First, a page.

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The last-minute waiver frenzy is almost here

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Cap-compliant 23-man rosters have to be filed on Tuesday. Getting there involves cuts and waivers.

NHL: Preseason-Detroit Red Wings at Toronto Maple Leafs Tom Szczerbowski-USA TODAY Sports

The deadline for each team in the NHL to submit their cap-compliant 23-man roster to the NHL is 5 p.m. on Tuesday, October 3.

The Salary Cap

Teams have to have a roster whose salary adds up to $75 million. That includes all players on the 23-man roster, all players on any form of IR (there is a special season opening injured reserve for players hurt in training camp), the previous year’s bonus overages, retained salary, buyouts, and the salary of any player in the AHL over $1,025,000.

LTIR, as we now know with certainty, can be used year-round. So the oft-repeated story that teams have to get their roster under the cap for one day and then put any players like Nathan Horton on LTIR the next day is not true.

As of the game on September 30, and according to Sportsnet reports, the status of Joffrey Lupul is unknown. The league ordered an independent review of his medical status, but if his salary counts towards the cap, or can be shunted to LTIR, is unknown at this time. We should assume Nathan Horton is right now on LTIR, so the Leafs are allowed to go over the salary cap by the amount of his cap-hit.

This should be a simple enough task for the Leafs regardless of Lupul’s status.

The Roster

Teams cannot exceed the magic number 23 for their active roster. This includes all players not in the minors and not on some form of IR.

Joffrey Lupul again, comes into play here. If he may not be put on LTIR, then he counts as one of the 23. If the Leafs, as many people have suggested, put him on IR, he will not count.

The same is true of Josh Leivo, who is unlikely to be waived, but also won’t make the opening day roster. Last year, he spent some time on SOIR, which allowed the Leafs to run with 24-men. There can’t be any claim made with a straight face that he is injured this year.

However, we have now reached the stage where we clamour for proof that LTIR is valid, but expect IR to be used to solve roster problems at will. I’m not seeing the logical consistency there.

Waivers

To get to both targets, the cap and the roster limit, the Leafs will have to send some players through waivers to the AHL. This is not a big deal. Most teams have to do this, and there is usually no cause to assume a player is being dumped or that they will be taken.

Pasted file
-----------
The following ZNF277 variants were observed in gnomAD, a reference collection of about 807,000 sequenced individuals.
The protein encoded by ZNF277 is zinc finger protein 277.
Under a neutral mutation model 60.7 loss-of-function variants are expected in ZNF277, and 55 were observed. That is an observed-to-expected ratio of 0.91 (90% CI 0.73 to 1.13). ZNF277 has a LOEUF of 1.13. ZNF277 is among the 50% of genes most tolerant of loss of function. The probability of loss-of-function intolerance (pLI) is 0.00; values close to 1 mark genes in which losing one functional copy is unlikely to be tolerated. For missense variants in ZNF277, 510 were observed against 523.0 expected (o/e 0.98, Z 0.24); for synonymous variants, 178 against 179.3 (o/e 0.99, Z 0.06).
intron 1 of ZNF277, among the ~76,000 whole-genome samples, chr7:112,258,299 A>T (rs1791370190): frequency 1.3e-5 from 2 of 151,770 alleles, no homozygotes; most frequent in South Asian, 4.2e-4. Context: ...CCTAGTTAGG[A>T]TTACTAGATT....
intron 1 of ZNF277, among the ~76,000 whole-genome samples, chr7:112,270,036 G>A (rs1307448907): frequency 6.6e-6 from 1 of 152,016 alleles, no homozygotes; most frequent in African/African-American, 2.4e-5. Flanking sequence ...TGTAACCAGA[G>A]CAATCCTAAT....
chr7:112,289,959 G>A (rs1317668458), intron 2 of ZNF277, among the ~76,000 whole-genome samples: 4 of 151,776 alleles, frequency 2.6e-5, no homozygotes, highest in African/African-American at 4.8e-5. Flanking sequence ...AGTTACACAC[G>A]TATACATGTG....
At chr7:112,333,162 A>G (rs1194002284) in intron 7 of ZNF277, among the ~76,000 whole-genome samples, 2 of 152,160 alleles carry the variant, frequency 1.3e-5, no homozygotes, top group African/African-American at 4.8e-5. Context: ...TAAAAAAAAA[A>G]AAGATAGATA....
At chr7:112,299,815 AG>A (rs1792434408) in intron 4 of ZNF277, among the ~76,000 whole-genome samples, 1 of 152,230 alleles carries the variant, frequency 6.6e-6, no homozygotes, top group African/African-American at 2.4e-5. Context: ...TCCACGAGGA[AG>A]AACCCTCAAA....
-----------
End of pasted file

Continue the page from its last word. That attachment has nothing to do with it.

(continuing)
Most teams will waive their whole list of cuts on Monday at noon. A player stays on waivers for 24 hrs, and they can be claimed the next day. This post has the waiver claim priority list:

The list of players waived on Monday will be very long and every team that might make a claim is also trying to get their roster down to 23 names. The chances of losing a player are low, but some players would surely be taken if they are good enough to make an NHL roster and have a low salary (Josh Leivo). Teams with a lot of waiver exempt players that they can instantly cut have more flexibility to make claims, but there aren’t that many teams that meet that standard.

Some players might be waived today. Last year, the Leafs waived Brooks Laich on the Sunday before the season started. That was very much a case of take this player, please. No one bit, but some other teams might try this out. The next day, Tuesday, October 11, 2016, five players were claimed.

A team can meet the 23-man or cap limit by waiving a player on Tuesday. They are considered off the roster when they are waived, as one way or another, they’re going somewhere. The non-buried portion of the salary has to be counted on the cap though.

Players to Watch

Chicago has to either run with three goalies or waive one of Jean-Francois Berube or Anton Forsberg. Detroit has to put goalie prospect Jared Correau on waivers. His short NHL career has been less than spectacular, but his AHL numbers are good. The same holds for Garret Sparks, and both should clear, although Correau has some buzz.

Las Vegas has a host of non-exempt players simply due to the expansion draft process. They have a surplus of NHL-capable left-shooting defenders. They have said they want to make a couple of trades, but they may have to waive a couple of them instead. Shea Theodore is not one of this number.

The Lightning may need to waive one defender, perhaps Slater Koekkoek.

Anaheim’s defender surplus is a problem for later, as they have some injuries freeing up space.

Colorado, who have the worst defence corps in the NHL, have top priority, so any young defender who is waived is at risk.

The Leafs

I will be shocked if the Leafs waive Leivo or Martin Marincin. They might waive Eric Fehr, because his salary should keep him from being claimed. They will waive Ben Smith and Kerby Rychel. Rychel has not made anyone think he’s an NHL-ready player in camp, so he’s likely safe.

Miro Aaltonen, Calle Rosen and Andreas Borgman can all be cut without waivers, so they likely will be.

The time has come to find a trade for Leivo. He’s not cracking the Leafs roster, and they have Kasperi Kapanen and Nikita Soshnikov (neither of whom need waivers and will be cut) to call up.

We will update you with news when it happens, but check twitter at noon every day for what’s going on all over the league.